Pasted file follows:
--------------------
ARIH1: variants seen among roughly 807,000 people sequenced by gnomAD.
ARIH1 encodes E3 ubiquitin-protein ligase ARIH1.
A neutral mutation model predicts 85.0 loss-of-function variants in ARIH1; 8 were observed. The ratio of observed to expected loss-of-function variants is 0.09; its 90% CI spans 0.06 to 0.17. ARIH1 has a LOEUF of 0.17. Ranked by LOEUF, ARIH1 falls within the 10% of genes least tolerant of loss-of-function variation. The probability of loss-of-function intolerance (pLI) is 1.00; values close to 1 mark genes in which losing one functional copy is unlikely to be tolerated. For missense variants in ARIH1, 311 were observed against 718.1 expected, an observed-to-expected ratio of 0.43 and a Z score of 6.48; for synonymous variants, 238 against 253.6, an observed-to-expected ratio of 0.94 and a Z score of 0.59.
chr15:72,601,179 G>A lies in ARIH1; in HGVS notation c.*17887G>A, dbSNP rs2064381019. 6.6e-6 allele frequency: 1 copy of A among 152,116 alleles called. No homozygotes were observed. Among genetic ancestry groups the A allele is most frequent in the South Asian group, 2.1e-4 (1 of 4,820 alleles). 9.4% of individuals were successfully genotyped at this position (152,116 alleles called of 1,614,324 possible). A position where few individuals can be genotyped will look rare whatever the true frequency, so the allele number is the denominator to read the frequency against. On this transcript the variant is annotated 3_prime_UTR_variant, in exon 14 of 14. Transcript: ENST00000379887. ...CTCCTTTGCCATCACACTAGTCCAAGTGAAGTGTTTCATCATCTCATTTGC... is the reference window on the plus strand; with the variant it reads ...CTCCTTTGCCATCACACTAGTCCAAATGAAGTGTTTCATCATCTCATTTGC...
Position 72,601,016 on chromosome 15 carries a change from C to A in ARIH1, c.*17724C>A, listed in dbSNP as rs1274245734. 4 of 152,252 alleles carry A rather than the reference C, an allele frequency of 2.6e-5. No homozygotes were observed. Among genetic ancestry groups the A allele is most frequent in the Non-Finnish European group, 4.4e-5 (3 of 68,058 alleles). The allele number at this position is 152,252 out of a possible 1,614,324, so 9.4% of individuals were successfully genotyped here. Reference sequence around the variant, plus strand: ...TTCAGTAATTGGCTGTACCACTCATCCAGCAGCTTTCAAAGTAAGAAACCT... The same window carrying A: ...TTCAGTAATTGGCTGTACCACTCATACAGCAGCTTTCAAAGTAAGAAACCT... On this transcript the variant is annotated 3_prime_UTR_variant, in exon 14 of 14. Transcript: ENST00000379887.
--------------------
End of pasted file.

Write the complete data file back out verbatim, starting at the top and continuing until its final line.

ARIH1: variants seen among roughly 807,000 people sequenced by gnomAD.
ARIH1 encodes E3 ubiquitin-protein ligase ARIH1.
A neutral mutation model predicts 85.0 loss-of-function variants in ARIH1; 8 were observed. The ratio of observed to expected loss-of-function variants is 0.09; its 90% CI spans 0.06 to 0.17. ARIH1 has a LOEUF of 0.17. Ranked by LOEUF, ARIH1 falls within the 10% of genes least tolerant of loss-of-function variation. The probability of loss-of-function intolerance (pLI) is 1.00; values close to 1 mark genes in which losing one functional copy is unlikely to be tolerated. For missense variants in ARIH1, 311 were observed against 718.1 expected, an observed-to-expected ratio of 0.43 and a Z score of 6.48; for synonymous variants, 238 against 253.6, an observed-to-expected ratio of 0.94 and a Z score of 0.59.
chr15:72,601,179 G>A lies in ARIH1; in HGVS notation c.*17887G>A, dbSNP rs2064381019. 6.6e-6 allele frequency: 1 copy of A among 152,116 alleles called. No homozygotes were observed. Among genetic ancestry groups the A allele is most frequent in the South Asian group, 2.1e-4 (1 of 4,820 alleles). 9.4% of individuals were successfully genotyped at this position (152,116 alleles called of 1,614,324 possible). A position where few individuals can be genotyped will look rare whatever the true frequency, so the allele number is the denominator to read the frequency against. On this transcript the variant is annotated 3_prime_UTR_variant, in exon 14 of 14. Transcript: ENST00000379887. ...CTCCTTTGCCATCACACTAGTCCAAGTGAAGTGTTTCATCATCTCATTTGC... is the reference window on the plus strand; with the variant it reads ...CTCCTTTGCCATCACACTAGTCCAAATGAAGTGTTTCATCATCTCATTTGC...
Position 72,601,016 on chromosome 15 carries a change from C to A in ARIH1, c.*17724C>A, listed in dbSNP as rs1274245734. 4 of 152,252 alleles carry A rather than the reference C, an allele frequency of 2.6e-5. No homozygotes were observed. Among genetic ancestry groups the A allele is most frequent in the Non-Finnish European group, 4.4e-5 (3 of 68,058 alleles). The allele number at this position is 152,252 out of a possible 1,614,324, so 9.4% of individuals were successfully genotyped here. Reference sequence around the variant, plus strand: ...TTCAGTAATTGGCTGTACCACTCATCCAGCAGCTTTCAAAGTAAGAAACCT... The same window carrying A: ...TTCAGTAATTGGCTGTACCACTCATACAGCAGCTTTCAAAGTAAGAAACCT... On this transcript the variant is annotated 3_prime_UTR_variant, in exon 14 of 14. Transcript: ENST00000379887.